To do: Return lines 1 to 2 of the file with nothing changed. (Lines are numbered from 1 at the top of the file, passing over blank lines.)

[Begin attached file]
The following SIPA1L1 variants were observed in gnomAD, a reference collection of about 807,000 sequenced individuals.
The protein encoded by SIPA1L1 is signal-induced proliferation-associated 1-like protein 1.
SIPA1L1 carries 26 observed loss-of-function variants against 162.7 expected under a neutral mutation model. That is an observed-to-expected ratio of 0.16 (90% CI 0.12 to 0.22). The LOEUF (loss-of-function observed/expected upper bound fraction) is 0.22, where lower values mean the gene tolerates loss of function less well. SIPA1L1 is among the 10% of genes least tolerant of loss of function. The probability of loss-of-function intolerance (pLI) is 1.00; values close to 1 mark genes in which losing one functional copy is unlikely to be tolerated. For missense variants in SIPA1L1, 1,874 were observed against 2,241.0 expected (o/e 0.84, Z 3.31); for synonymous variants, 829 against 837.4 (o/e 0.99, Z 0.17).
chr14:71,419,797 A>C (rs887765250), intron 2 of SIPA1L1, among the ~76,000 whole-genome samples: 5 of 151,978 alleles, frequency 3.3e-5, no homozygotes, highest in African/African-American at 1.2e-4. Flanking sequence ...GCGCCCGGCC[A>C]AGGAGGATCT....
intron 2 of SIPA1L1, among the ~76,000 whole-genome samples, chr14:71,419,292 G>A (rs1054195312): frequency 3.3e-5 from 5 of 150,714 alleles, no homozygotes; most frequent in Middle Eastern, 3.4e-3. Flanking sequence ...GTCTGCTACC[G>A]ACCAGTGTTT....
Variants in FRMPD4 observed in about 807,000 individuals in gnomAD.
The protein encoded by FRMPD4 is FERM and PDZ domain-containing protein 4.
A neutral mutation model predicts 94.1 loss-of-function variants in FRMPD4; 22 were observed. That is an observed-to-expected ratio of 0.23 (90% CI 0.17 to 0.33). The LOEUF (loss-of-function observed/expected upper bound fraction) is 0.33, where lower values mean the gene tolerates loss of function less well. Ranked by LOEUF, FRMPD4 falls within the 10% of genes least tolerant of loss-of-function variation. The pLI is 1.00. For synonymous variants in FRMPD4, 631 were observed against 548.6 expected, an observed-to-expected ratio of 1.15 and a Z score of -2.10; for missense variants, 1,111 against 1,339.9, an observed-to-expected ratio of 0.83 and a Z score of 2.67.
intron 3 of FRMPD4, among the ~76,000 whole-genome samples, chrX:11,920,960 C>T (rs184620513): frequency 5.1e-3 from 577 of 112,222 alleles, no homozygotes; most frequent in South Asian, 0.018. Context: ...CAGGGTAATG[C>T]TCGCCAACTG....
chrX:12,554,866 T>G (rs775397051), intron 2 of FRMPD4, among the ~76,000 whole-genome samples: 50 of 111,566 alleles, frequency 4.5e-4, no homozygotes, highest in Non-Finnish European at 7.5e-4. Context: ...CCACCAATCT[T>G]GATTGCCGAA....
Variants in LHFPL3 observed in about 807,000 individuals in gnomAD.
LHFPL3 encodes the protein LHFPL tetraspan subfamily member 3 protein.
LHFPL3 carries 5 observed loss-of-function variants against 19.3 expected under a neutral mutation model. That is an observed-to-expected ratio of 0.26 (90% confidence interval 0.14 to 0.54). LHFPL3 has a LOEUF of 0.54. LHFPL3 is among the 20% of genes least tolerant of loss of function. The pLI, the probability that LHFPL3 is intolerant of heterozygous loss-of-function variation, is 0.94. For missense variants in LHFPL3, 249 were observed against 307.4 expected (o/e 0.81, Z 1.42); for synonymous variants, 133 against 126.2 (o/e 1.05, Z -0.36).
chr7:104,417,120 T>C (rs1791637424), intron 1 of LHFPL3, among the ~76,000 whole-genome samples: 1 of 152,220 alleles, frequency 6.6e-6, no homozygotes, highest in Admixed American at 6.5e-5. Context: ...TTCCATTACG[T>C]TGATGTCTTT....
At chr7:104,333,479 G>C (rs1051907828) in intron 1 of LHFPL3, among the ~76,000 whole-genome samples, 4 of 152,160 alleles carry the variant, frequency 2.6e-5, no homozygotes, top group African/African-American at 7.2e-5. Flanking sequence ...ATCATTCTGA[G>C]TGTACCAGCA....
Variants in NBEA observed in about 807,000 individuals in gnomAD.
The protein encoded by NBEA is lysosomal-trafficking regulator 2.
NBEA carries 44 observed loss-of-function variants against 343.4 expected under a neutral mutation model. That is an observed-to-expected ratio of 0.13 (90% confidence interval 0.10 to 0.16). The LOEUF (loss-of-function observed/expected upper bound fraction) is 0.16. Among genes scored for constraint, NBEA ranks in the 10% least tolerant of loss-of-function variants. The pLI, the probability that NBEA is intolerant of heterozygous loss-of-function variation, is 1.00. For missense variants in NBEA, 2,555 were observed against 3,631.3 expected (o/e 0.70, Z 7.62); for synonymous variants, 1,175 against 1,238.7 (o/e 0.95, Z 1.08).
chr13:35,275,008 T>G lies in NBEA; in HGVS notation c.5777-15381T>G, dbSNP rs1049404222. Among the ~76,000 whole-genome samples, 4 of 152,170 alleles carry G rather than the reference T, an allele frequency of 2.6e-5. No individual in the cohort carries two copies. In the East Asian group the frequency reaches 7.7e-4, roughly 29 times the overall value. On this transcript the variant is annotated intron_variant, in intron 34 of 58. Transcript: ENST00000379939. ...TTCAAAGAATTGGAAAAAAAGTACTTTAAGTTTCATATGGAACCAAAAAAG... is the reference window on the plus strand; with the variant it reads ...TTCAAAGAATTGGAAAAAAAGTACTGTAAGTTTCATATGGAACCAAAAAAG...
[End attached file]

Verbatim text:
The following SIPA1L1 variants were observed in gnomAD, a reference collection of about 807,000 sequenced individuals.
The protein encoded by SIPA1L1 is signal-induced proliferation-associated 1-like protein 1.